I started attending a Group Grief therapy session last week. It is 8 weeks long. In this group are all different ages (although all are adults in this session) and genders of people who have lost spouses, children, parents, siblings. I found the session very difficult to get through and very depressing. One woman who lost her husband this May, was there for her 2nd 8 week session. I visited a Therapist a few days ago. She herself lost her husband 2 years ago. She said she is not a fan of group grief sessions. She said they can actually do more harm than good by delaying the healing process. The therapist asked me how I felt after the group session and I told her honestly it was very depressing. I also talked to a friend of mine that lives across the county. Her husband died in an auto accident 16 years ago. She said she used a good therapist to help her get past the pain, but never any group grief sessions.
I went to GriefShare. I was the only widower, everyone else was there for a family member or friend. Not minimizing their grief but mine was not really in the same category as theirs. I commend the people that ran it and their commitment. However, I really couldn't relate to what they were discussing and at the end they expected you to be "healed" and have a "new beginning". Four years later I'm in the same frame of mind as I was the days after Janet passed. Maybe I'm one of those that don't want to be "cured" or have a "new beginning". My commitment to Janet doesn't diminish with time it only gets stronger in the absolute knowledge that one day we will be together again and I will hear her say "You did well, I love you".
I think the effectiveness depends on the facilitators' skill of leading the group.
Emphasis should be on moving forward but avoid the term “Moving on.” That term denotes that we need to “Get over it.” Also, we live in a culture where a specified time frame, perhaps six months to a year, and then if we still feel sad and cry on a whim, something is wrong with us. Who came up with that time frame? Where is that written? In the US Constitution or Magna Carta???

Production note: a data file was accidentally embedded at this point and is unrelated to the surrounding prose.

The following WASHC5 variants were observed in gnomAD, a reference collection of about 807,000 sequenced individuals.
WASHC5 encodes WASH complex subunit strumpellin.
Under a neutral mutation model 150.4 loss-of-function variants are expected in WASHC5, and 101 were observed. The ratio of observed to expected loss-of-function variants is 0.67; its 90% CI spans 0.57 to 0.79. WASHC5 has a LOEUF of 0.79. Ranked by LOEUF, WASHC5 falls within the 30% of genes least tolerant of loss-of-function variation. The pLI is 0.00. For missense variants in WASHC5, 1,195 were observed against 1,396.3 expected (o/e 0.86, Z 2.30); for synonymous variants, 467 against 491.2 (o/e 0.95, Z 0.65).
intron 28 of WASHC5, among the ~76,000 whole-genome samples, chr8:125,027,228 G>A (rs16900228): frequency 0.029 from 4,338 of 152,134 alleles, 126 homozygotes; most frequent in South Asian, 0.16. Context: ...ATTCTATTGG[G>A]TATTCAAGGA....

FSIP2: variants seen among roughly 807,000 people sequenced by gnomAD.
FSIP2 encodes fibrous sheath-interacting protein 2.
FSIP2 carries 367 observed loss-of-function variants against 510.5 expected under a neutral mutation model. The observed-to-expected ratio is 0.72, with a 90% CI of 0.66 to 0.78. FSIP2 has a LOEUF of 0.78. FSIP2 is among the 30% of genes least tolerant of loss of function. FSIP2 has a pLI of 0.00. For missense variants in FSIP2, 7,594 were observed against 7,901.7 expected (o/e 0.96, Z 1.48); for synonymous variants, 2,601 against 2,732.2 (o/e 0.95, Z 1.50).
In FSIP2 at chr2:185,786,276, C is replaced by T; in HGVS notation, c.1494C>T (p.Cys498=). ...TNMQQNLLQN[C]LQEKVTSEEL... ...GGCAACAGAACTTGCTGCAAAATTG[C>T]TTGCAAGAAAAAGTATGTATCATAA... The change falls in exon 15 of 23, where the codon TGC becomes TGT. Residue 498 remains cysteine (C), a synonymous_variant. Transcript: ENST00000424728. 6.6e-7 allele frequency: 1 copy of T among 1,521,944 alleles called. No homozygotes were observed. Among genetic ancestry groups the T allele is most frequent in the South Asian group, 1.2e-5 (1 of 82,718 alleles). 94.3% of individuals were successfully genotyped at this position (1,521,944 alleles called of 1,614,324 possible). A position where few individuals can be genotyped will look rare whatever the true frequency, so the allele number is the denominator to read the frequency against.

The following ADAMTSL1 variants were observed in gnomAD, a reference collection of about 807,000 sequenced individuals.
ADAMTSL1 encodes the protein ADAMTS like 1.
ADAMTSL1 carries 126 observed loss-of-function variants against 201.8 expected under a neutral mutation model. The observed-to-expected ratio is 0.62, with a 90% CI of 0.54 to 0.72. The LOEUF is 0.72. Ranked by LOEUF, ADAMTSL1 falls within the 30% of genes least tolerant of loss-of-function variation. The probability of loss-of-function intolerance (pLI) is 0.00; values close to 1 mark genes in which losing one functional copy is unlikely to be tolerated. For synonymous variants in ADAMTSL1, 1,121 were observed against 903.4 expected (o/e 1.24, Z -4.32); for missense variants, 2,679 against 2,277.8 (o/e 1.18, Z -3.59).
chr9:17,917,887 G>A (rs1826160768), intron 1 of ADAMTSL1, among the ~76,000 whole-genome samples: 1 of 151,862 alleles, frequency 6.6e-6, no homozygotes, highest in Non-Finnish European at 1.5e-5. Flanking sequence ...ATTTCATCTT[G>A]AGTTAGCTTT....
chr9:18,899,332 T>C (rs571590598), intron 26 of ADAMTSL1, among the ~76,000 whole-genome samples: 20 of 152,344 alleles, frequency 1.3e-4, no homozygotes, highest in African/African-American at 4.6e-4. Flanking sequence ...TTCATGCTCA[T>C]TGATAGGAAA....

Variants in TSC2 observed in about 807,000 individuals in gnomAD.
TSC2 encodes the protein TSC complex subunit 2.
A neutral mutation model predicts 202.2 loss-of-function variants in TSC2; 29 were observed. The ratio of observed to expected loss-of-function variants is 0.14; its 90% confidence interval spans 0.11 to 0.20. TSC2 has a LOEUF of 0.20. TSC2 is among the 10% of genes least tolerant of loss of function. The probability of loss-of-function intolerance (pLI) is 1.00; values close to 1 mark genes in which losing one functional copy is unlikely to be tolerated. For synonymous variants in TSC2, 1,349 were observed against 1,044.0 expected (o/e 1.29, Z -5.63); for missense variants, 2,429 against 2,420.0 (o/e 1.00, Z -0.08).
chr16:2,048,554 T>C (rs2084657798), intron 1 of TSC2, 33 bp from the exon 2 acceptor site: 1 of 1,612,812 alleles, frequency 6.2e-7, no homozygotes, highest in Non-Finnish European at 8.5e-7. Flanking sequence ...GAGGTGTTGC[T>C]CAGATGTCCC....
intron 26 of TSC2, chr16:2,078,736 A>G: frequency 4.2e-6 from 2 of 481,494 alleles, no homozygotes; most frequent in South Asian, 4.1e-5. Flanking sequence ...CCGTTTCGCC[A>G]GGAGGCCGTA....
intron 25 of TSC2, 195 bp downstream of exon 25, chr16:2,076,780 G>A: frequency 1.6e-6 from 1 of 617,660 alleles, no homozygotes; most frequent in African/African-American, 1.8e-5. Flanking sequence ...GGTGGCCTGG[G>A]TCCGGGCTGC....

Why is it that maternity leave is six weeks or longer (I think it should be longer-lol), but when a loved one dies, the average length of paid bereavement is three days? If I have my appendix removed, medical leave is usually about two months, heart surgery, six months to a year. Fracture a hip; you may be out for nine months but losing a loved one, three to five days? What?!
Honoring every loss, be it a spouse, sibling, child, parent, a close friend is paramount. Death of a loved one, regardless of who it is, is subjective. It is not just the loss of that person in our life; grief is centered on the nature of the relationship. Was it nurturing, kind, corrupt, dysfunctional, loving, we grieve over what should or could have been, or perhaps words of anger that were said before they died?
I think its little children who grieve the most effectively, but we are taught that it's not okay to cry, grief is discouraged by replacing the loss with something else. It usually starts with a loved pet, and the message stays the same. Who can replace a grandparent, daughter, sibling, spouse? Yet, as adults, we have that ingrained in us from childhood, and we wonder why we stay stuck.
I'm going to a group right now, in week 2 of 4. It's art and creative focused, so we aren't only sitting around talking. I think that's helpful. I also think it depends on the group, and depends on where you are in your grief process. I definiftely couldn't have done this a few months ago.